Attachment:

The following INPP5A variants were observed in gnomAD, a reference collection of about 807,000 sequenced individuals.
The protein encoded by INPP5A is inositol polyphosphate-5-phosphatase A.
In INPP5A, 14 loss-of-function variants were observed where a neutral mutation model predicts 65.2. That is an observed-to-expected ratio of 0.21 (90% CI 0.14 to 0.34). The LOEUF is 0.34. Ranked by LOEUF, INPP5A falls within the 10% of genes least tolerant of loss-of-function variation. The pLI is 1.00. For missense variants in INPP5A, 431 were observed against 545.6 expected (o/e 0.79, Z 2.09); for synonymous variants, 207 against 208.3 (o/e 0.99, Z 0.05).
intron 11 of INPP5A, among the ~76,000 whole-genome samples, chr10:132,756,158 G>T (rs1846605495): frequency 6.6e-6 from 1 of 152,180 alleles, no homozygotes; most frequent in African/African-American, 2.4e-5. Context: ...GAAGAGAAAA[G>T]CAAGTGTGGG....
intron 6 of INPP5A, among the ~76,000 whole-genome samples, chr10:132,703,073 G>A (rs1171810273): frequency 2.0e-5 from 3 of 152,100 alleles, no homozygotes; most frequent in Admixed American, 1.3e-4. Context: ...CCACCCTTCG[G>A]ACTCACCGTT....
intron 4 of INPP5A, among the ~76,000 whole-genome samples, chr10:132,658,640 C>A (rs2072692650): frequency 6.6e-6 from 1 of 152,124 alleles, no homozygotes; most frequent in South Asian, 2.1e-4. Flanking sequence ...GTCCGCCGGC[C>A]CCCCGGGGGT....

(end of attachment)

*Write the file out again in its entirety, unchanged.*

The following INPP5A variants were observed in gnomAD, a reference collection of about 807,000 sequenced individuals.
The protein encoded by INPP5A is inositol polyphosphate-5-phosphatase A.
In INPP5A, 14 loss-of-function variants were observed where a neutral mutation model predicts 65.2. That is an observed-to-expected ratio of 0.21 (90% CI 0.14 to 0.34). The LOEUF is 0.34. Ranked by LOEUF, INPP5A falls within the 10% of genes least tolerant of loss-of-function variation. The pLI is 1.00. For missense variants in INPP5A, 431 were observed against 545.6 expected (o/e 0.79, Z 2.09); for synonymous variants, 207 against 208.3 (o/e 0.99, Z 0.05).
intron 11 of INPP5A, among the ~76,000 whole-genome samples, chr10:132,756,158 G>T (rs1846605495): frequency 6.6e-6 from 1 of 152,180 alleles, no homozygotes; most frequent in African/African-American, 2.4e-5. Context: ...GAAGAGAAAA[G>T]CAAGTGTGGG....
intron 6 of INPP5A, among the ~76,000 whole-genome samples, chr10:132,703,073 G>A (rs1171810273): frequency 2.0e-5 from 3 of 152,100 alleles, no homozygotes; most frequent in Admixed American, 1.3e-4. Context: ...CCACCCTTCG[G>A]ACTCACCGTT....
intron 4 of INPP5A, among the ~76,000 whole-genome samples, chr10:132,658,640 C>A (rs2072692650): frequency 6.6e-6 from 1 of 152,124 alleles, no homozygotes; most frequent in South Asian, 2.1e-4. Flanking sequence ...GTCCGCCGGC[C>A]CCCCGGGGGT....